Posted by Frank Roylance at 6:00 AM | | Comments (3)
Categories: From the Sun's print edition

August 14, 2010

Impress your friends: Finding the Summer Triangle


Summer TriangleToday’s stargazing lesson: Finding the “Summer Triangle.” If skies are clear, step outside at 10 p.m. The bright star nearest the zenith (straight up) is Vega (top in photo, left).  Move your gaze east to the next star of similar brightness. That’s Deneb, (left) toward which our solar system is rushing as it circles the Milky Way galaxy. Next move your eyes toward the south, to the next bright star – Altair (right). Together they form a right triangle, with Vega at the 90-degree point

Posted by Frank Roylance at 6:00 AM | | Comments (0)
Categories: From the Sun's print edition

August 13, 2010

Watch your step ... it's Friday the 13th


Today is the only Friday the 13th on the 2010 calendar. It’s regarded by some as an unlucky day, But Guy Ottewell’s Astronomical Calendar notes that some South Americans consider Tuesday unlucky, while some in Italy think the number 17 brings misfortune. Friday-the-13th occurs once or twice each year, and three times in 14 or 15 years per century (most recently in 2009). Curiously, the 13th falls on Fridays more often than on any other day.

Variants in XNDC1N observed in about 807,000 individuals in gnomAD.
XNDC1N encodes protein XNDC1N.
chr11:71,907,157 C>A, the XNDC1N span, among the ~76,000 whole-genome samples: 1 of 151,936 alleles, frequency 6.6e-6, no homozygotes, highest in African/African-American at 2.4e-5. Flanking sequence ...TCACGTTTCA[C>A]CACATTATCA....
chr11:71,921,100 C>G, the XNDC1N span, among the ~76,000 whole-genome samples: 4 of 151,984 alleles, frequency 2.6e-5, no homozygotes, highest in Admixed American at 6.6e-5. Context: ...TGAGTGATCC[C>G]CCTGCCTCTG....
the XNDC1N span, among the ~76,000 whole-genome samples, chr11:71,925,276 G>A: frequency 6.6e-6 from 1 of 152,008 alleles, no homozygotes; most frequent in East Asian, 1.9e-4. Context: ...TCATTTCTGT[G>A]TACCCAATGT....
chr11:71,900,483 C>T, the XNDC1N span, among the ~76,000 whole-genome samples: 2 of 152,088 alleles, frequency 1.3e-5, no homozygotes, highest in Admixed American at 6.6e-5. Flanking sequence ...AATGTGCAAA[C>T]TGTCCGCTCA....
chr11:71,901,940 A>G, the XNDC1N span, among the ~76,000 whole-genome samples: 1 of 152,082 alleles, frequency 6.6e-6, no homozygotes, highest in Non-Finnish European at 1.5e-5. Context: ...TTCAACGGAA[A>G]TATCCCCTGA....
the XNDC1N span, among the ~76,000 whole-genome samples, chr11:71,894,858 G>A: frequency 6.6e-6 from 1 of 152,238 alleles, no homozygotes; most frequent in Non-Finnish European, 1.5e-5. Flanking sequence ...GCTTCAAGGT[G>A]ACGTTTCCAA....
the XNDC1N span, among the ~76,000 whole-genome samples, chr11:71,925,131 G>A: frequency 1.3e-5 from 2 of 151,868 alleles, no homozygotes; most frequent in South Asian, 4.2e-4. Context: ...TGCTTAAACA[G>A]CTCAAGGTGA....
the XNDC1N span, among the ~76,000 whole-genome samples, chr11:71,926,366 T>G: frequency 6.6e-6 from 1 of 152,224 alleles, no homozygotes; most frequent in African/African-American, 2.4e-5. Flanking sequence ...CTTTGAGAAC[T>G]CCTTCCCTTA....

Posted by Frank Roylance at 6:00 AM | | Comments (1)
Categories: From the Sun's print edition

August 12, 2010

If skies clear, see the Perseid meteors tonight


Tonight will be Marylanders’ best opportunity to view the annual Perseid meteor shower, if skies clear off. The Perseids occur each year as the Earth’s orbit carries it through the dusty trail of Comet Swift-Tuttle. Like bugs on the windshield, comet dust strikes the atmosphere at high speed, creating streaks of light — up to 100/hour — as friction heats the air around them. Best times: midnight to dawn. The moon is just past new, so moonlight will not interfere.

Posted by Frank Roylance at 6:00 AM | | Comments (2)
Categories: From the Sun's print edition

August 11, 2010

Gone fishin'

fishinI know. It's really hot out. There are storms brewing somewhere in the Atlantic and the Gulf. And now the weather blogger is taking a powder. Bad timing.

But this last break of the season was planned long ago, and my favorite teacher would come after me with a ruler if I didn't take the time.

So I'll be off the WeatherDeck for a few days, trying to keep cool. I've left a few items for the weekend papers.

If you need to check for tropical storm or hurricane data, click here.

For the Baltimore forecast from the National Weather Service in Sterling, click here. And, for the latest data from The Sun's weather station, at Calvert and Centre streets, click here.